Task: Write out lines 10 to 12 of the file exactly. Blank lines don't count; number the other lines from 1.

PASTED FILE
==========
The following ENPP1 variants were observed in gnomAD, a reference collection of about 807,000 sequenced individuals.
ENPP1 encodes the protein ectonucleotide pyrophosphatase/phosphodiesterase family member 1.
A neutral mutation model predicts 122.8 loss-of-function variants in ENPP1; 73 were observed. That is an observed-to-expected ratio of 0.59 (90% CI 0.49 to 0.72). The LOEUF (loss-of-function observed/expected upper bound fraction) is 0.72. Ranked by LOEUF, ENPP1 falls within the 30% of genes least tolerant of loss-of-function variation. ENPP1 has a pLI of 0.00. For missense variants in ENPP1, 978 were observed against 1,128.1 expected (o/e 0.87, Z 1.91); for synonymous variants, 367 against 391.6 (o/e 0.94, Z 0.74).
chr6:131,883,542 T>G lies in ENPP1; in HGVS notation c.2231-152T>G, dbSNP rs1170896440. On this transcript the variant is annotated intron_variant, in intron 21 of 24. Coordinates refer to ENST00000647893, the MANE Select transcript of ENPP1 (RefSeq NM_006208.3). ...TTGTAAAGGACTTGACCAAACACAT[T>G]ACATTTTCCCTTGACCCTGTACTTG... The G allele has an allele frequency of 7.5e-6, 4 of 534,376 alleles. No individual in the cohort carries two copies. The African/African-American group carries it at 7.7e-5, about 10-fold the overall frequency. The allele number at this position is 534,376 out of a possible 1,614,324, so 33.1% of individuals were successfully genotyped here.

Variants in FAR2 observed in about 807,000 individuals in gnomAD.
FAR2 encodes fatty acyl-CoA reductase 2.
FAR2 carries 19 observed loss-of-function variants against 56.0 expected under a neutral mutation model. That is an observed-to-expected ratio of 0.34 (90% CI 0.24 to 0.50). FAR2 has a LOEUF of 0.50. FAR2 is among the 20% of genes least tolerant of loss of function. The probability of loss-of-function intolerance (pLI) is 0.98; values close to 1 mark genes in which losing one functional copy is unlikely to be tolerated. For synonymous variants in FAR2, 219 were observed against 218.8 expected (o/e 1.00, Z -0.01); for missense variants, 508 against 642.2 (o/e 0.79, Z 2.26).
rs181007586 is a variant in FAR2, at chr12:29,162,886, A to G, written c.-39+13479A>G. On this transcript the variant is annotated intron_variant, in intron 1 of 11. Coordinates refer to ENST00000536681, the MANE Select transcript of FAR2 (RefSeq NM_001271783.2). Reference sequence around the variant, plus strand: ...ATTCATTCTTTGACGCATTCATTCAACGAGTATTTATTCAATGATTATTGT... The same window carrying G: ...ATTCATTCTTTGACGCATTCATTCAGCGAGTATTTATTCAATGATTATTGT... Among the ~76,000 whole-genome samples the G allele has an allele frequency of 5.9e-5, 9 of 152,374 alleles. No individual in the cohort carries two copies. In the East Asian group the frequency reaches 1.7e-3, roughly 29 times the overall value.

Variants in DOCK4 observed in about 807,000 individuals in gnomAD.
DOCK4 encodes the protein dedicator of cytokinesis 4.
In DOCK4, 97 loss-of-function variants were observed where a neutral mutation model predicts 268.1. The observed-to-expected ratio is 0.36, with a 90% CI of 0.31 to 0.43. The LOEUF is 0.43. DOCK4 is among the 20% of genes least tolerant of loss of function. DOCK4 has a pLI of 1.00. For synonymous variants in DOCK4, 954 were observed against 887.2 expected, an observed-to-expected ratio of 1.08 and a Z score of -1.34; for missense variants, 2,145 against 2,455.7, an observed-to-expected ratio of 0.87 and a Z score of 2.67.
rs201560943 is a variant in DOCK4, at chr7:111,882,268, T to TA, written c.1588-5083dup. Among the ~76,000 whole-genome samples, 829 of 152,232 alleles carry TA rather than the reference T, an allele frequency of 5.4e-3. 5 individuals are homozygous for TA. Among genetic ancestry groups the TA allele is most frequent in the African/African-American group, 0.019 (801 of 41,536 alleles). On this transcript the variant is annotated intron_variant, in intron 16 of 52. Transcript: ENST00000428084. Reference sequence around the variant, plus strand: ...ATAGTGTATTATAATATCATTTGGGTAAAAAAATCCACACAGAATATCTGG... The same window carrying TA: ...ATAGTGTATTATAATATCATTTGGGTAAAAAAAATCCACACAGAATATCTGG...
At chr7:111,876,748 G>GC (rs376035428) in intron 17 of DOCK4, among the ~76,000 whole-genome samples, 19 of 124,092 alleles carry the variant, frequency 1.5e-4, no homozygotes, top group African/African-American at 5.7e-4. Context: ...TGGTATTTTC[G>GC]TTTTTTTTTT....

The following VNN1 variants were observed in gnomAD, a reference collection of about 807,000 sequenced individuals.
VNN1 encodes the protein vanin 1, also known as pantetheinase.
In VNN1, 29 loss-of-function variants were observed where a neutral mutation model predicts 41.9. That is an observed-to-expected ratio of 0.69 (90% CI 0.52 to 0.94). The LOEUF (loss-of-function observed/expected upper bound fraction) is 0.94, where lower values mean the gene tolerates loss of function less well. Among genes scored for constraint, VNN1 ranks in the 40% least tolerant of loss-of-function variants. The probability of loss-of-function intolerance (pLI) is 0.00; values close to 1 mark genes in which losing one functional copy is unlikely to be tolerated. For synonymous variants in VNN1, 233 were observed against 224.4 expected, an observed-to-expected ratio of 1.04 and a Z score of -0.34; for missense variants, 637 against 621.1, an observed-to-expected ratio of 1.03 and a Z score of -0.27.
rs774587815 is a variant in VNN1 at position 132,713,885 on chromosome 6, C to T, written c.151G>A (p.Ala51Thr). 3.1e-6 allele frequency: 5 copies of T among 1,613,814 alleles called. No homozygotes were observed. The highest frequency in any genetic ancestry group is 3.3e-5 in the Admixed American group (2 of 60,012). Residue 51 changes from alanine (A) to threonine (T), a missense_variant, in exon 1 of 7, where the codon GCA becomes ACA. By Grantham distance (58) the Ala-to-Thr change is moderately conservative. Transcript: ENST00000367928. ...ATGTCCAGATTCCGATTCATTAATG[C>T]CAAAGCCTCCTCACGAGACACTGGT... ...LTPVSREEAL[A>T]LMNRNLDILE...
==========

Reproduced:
DOCK4 encodes the protein dedicator of cytokinesis 4.
In DOCK4, 97 loss-of-function variants were observed where a neutral mutation model predicts 268.1. The observed-to-expected ratio is 0.36, with a 90% CI of 0.31 to 0.43. The LOEUF is 0.43. DOCK4 is among the 20% of genes least tolerant of loss of function. DOCK4 has a pLI of 1.00. For synonymous variants in DOCK4, 954 were observed against 887.2 expected, an observed-to-expected ratio of 1.08 and a Z score of -1.34; for missense variants, 2,145 against 2,455.7, an observed-to-expected ratio of 0.87 and a Z score of 2.67.
rs201560943 is a variant in DOCK4, at chr7:111,882,268, T to TA, written c.1588-5083dup. Among the ~76,000 whole-genome samples, 829 of 152,232 alleles carry TA rather than the reference T, an allele frequency of 5.4e-3. 5 individuals are homozygous for TA. Among genetic ancestry groups the TA allele is most frequent in the African/African-American group, 0.019 (801 of 41,536 alleles). On this transcript the variant is annotated intron_variant, in intron 16 of 52. Transcript: ENST00000428084. Reference sequence around the variant, plus strand: ...ATAGTGTATTATAATATCATTTGGGTAAAAAAATCCACACAGAATATCTGG... The same window carrying TA: ...ATAGTGTATTATAATATCATTTGGGTAAAAAAAATCCACACAGAATATCTGG...